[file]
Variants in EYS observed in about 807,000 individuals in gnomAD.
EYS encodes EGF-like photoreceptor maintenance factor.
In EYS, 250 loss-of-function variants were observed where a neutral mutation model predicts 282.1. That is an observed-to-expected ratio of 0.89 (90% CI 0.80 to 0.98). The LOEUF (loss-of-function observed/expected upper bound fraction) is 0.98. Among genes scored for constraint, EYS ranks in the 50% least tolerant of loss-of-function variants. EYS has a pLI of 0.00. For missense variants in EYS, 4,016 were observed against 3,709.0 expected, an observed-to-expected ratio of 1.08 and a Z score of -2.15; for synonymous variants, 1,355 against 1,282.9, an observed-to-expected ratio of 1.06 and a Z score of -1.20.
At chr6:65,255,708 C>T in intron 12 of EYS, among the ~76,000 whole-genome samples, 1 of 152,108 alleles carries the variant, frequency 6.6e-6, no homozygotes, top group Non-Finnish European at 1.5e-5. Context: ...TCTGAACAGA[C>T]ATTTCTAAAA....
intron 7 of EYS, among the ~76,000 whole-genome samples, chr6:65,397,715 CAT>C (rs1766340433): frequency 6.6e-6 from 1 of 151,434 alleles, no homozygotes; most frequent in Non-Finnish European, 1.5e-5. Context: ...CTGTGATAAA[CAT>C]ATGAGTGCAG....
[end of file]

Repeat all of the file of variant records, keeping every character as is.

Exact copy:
Variants in EYS observed in about 807,000 individuals in gnomAD.
EYS encodes EGF-like photoreceptor maintenance factor.
In EYS, 250 loss-of-function variants were observed where a neutral mutation model predicts 282.1. That is an observed-to-expected ratio of 0.89 (90% CI 0.80 to 0.98). The LOEUF (loss-of-function observed/expected upper bound fraction) is 0.98. Among genes scored for constraint, EYS ranks in the 50% least tolerant of loss-of-function variants. EYS has a pLI of 0.00. For missense variants in EYS, 4,016 were observed against 3,709.0 expected, an observed-to-expected ratio of 1.08 and a Z score of -2.15; for synonymous variants, 1,355 against 1,282.9, an observed-to-expected ratio of 1.06 and a Z score of -1.20.
At chr6:65,255,708 C>T in intron 12 of EYS, among the ~76,000 whole-genome samples, 1 of 152,108 alleles carries the variant, frequency 6.6e-6, no homozygotes, top group Non-Finnish European at 1.5e-5. Context: ...TCTGAACAGA[C>T]ATTTCTAAAA....
intron 7 of EYS, among the ~76,000 whole-genome samples, chr6:65,397,715 CAT>C (rs1766340433): frequency 6.6e-6 from 1 of 151,434 alleles, no homozygotes; most frequent in Non-Finnish European, 1.5e-5. Context: ...CTGTGATAAA[CAT>C]ATGAGTGCAG....